Ninety-eight officers commissioned in Norwich University ceremony
On Saturday, May 13, 98 Norwich University seniors reported to Plumley Armory in dress uniforms, ready to be addressed as "Cadet" for the last time. In three separate ROTC ceremonies, these men and women took the oath of office and were commissioned as Second Lieutenants in the Army, Air Force and Marines, and Ensigns in the Navy in front of family and loved ones.
The Air Force ceremony took place first, with 17 new second lieutenants receiving their gold bars. Colonel Timothy Van Splunder, Commander of Norwich's Air Force ROTC detachment and Norwich class of 1977, spoke about the significance of the words that comprise the oath of office and relayed with fondness his special relationship with this particular class; "they arrived at Norwich the same time that I did, and we're going out the door about the same time."
New lieutenants Anders J. Hedberg and Elizabeth C. Richards received both the Dennis J. Ladd Award, and the coveted Distinguished Graduate Award, the latter of which identifies the recipients as graduating in the top ten percent of Air Force ROTC commissioning officers nationwide.
The second ceremony witnessed the commissioning of 54 new second lieutenants into the United States Army. Nineteen others had either already been commissioned this year, or will be commissioned upon completion of training during the summer, giving Norwich the distinction of producing more Army lieutenants than any other university in the United States, with the exception of West Point. Colonel William Scott Knoebel, Professor of Military Science and Norwich class of 1976, focused on an impressive list of accomplishments; "This is an exceptional class of commissionees. The cumulative GPA of this class is 3.1. Over one-third of this class went to camp last year and scored 'excellent' in all leadership dimensions across the board, and their combined physical fitness score out of 300 points is 277 points. The top 20% are in the top 10% of all cadets being commissioned nationwide this year."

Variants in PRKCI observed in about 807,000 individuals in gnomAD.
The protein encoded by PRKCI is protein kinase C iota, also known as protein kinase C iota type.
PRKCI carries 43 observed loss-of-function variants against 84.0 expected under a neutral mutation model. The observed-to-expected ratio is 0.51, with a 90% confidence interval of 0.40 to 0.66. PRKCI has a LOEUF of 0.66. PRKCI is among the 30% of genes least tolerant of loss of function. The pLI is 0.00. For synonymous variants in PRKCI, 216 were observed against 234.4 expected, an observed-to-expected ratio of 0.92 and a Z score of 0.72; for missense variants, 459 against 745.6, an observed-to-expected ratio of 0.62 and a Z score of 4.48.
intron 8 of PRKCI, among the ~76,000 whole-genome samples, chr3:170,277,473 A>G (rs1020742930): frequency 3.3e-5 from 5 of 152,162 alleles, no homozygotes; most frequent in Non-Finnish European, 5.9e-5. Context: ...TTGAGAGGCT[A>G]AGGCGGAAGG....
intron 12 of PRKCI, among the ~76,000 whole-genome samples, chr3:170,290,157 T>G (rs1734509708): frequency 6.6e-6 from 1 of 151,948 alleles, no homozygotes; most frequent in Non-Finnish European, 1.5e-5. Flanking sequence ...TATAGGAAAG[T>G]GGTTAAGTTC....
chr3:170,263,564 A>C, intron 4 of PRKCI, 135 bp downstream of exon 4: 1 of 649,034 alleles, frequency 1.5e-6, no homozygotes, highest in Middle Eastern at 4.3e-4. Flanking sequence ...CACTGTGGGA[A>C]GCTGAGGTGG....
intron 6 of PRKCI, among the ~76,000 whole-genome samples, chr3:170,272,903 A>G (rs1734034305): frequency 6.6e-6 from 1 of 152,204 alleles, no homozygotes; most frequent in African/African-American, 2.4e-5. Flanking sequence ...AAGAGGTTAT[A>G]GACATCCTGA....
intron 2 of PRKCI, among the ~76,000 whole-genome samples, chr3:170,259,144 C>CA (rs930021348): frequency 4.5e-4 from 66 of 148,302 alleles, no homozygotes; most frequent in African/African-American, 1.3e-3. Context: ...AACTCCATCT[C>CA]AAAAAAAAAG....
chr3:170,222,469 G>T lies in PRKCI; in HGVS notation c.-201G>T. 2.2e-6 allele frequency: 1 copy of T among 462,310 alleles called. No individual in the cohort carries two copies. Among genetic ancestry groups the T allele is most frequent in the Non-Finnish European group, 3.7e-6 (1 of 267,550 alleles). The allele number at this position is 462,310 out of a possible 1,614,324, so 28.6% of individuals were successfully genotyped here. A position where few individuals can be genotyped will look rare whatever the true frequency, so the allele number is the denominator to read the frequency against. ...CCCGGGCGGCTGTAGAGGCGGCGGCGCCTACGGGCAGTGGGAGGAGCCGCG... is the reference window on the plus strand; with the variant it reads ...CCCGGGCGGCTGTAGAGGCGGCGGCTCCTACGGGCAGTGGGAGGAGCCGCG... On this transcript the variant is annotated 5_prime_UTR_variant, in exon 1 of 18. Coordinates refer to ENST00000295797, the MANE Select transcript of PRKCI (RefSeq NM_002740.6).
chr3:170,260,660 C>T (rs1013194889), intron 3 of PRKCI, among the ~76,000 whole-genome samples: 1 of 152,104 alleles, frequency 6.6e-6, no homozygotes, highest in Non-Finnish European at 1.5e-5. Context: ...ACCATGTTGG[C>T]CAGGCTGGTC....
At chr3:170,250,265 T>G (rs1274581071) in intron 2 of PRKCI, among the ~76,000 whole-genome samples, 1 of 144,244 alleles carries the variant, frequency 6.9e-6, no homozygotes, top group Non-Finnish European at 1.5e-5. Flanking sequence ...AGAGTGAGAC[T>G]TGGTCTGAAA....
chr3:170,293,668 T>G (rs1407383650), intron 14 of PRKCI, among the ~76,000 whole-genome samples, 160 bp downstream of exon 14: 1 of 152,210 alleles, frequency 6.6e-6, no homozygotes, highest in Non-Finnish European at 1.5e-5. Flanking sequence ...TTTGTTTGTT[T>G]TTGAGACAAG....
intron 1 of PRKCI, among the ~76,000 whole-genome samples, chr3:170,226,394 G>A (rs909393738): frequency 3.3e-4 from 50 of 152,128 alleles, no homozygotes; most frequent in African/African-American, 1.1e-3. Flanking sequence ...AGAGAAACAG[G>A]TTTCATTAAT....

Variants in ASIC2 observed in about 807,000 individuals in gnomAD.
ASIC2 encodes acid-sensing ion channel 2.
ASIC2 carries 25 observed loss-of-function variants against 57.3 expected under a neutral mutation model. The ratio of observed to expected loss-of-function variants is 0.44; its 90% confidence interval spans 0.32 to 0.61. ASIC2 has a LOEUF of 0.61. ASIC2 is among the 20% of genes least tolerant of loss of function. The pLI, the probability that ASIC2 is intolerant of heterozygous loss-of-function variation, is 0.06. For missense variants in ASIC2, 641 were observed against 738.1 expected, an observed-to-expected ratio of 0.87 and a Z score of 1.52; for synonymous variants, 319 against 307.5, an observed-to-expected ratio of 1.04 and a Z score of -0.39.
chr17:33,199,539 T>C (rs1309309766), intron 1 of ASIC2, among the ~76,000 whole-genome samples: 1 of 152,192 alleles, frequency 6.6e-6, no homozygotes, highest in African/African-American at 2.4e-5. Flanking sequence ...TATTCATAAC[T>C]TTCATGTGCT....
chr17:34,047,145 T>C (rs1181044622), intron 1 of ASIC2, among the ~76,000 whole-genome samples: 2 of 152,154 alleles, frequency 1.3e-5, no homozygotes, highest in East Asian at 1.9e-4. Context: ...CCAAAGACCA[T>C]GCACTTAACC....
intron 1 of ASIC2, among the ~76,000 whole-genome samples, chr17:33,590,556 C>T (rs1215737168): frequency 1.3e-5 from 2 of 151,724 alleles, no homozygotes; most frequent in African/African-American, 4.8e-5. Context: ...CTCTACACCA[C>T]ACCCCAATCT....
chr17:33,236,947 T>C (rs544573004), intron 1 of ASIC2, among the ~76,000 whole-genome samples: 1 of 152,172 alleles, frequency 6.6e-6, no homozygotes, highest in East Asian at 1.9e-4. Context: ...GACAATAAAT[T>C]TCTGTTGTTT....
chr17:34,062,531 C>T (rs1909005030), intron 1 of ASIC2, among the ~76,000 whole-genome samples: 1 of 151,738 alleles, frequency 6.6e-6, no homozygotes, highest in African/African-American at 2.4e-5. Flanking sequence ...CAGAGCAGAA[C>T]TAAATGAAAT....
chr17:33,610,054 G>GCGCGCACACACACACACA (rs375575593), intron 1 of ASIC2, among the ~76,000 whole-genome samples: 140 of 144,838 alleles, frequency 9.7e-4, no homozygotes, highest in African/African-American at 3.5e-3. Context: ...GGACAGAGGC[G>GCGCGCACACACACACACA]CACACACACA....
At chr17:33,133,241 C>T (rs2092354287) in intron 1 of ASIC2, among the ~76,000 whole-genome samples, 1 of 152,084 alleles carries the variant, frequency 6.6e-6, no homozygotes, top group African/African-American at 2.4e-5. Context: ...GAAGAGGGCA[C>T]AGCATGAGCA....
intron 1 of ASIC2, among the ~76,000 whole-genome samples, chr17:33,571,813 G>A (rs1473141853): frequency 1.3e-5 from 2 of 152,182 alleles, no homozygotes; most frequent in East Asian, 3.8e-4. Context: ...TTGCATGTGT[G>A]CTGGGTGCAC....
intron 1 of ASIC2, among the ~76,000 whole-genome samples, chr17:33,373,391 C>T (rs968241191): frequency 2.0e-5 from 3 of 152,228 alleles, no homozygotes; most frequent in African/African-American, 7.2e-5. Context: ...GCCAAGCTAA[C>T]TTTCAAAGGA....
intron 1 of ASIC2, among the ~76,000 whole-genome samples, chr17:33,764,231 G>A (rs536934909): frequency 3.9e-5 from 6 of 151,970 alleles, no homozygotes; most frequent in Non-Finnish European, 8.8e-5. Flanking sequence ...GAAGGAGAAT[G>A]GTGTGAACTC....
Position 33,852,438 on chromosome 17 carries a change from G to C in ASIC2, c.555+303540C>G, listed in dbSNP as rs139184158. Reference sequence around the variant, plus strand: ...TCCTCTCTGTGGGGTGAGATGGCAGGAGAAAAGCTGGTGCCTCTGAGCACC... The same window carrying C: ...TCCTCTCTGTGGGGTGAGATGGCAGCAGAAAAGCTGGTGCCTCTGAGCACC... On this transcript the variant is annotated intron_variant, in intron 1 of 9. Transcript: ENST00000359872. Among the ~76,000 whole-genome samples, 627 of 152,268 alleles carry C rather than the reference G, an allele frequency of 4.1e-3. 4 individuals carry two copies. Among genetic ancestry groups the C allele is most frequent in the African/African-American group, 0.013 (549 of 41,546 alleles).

From the Army, there were 15 students who achieved the status of Distinguished Military Graduate.
The Navy and Marine Corps hosted the final ceremony of the day, commissioning 14 Naval ensigns and 13 Marine Corps second lieutenants. The day was especially significant for Colonel Stephen Pomeroy, the new Commanding Officer of Norwich's NROTC unit, as it marked the 28th anniversary of his own commissioning. Colonel Pomeroy emphasized the importance of "service before self," stressing that, "Although this is a tremendous individual achievement, we are not going to talk about individualism today, because these young men and women are entering into something that is above individualism."
While the new officers in the Navy, Army and Air Force have already been notified of their specific military career field or specialty and first base assignment, the new Marine Corps officers will first report to The Basic School in Quantico, Va., before they find out their specialty and initial location. Seven of the 27 total commissioned in the Navy and Marine Corps were designated as distinguished graduates. This year, Norwich also has the distinction of having commissioned two out of only fourteen cadets nationwide who have been chosen to enter Navy SEAL training.
Norwich University, the oldest private military college in the nation, and the birthplace of the Reserve Officers Training Corps (ROTC), commissions officers into all branches of the military. All Corps students, in order to graduate in uniform with a Corps diploma, must complete six semesters of classes in their chosen ROTC branch. Cadets seeking a commission are required to complete a fourth year of ROTC classes and meet all other criteria established by the commissioning branch.